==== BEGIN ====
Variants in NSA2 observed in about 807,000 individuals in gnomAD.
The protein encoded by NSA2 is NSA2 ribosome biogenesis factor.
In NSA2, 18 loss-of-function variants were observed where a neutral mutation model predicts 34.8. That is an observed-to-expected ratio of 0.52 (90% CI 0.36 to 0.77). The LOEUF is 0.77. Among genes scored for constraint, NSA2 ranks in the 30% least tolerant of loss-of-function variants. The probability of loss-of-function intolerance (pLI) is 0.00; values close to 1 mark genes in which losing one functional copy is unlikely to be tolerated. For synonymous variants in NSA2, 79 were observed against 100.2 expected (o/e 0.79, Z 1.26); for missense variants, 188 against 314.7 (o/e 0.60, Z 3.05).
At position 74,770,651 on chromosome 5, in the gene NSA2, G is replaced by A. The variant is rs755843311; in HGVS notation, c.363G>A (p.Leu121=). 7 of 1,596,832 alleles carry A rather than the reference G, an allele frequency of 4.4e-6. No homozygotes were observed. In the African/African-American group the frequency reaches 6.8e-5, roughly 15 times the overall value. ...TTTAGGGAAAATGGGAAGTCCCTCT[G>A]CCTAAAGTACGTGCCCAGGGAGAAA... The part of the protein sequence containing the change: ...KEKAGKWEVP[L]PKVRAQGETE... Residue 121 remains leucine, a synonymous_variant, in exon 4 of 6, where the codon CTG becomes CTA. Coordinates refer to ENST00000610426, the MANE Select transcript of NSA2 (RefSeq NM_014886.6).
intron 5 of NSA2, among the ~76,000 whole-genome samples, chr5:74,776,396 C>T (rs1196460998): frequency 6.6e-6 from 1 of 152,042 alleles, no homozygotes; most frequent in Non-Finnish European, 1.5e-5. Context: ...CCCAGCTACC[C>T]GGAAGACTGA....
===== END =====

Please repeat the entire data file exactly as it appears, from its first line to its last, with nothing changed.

Variants in NSA2 observed in about 807,000 individuals in gnomAD.
The protein encoded by NSA2 is NSA2 ribosome biogenesis factor.
In NSA2, 18 loss-of-function variants were observed where a neutral mutation model predicts 34.8. That is an observed-to-expected ratio of 0.52 (90% CI 0.36 to 0.77). The LOEUF is 0.77. Among genes scored for constraint, NSA2 ranks in the 30% least tolerant of loss-of-function variants. The probability of loss-of-function intolerance (pLI) is 0.00; values close to 1 mark genes in which losing one functional copy is unlikely to be tolerated. For synonymous variants in NSA2, 79 were observed against 100.2 expected (o/e 0.79, Z 1.26); for missense variants, 188 against 314.7 (o/e 0.60, Z 3.05).
At position 74,770,651 on chromosome 5, in the gene NSA2, G is replaced by A. The variant is rs755843311; in HGVS notation, c.363G>A (p.Leu121=). 7 of 1,596,832 alleles carry A rather than the reference G, an allele frequency of 4.4e-6. No homozygotes were observed. In the African/African-American group the frequency reaches 6.8e-5, roughly 15 times the overall value. ...TTTAGGGAAAATGGGAAGTCCCTCT[G>A]CCTAAAGTACGTGCCCAGGGAGAAA... The part of the protein sequence containing the change: ...KEKAGKWEVP[L]PKVRAQGETE... Residue 121 remains leucine, a synonymous_variant, in exon 4 of 6, where the codon CTG becomes CTA. Coordinates refer to ENST00000610426, the MANE Select transcript of NSA2 (RefSeq NM_014886.6).
intron 5 of NSA2, among the ~76,000 whole-genome samples, chr5:74,776,396 C>T (rs1196460998): frequency 6.6e-6 from 1 of 152,042 alleles, no homozygotes; most frequent in Non-Finnish European, 1.5e-5. Context: ...CCCAGCTACC[C>T]GGAAGACTGA....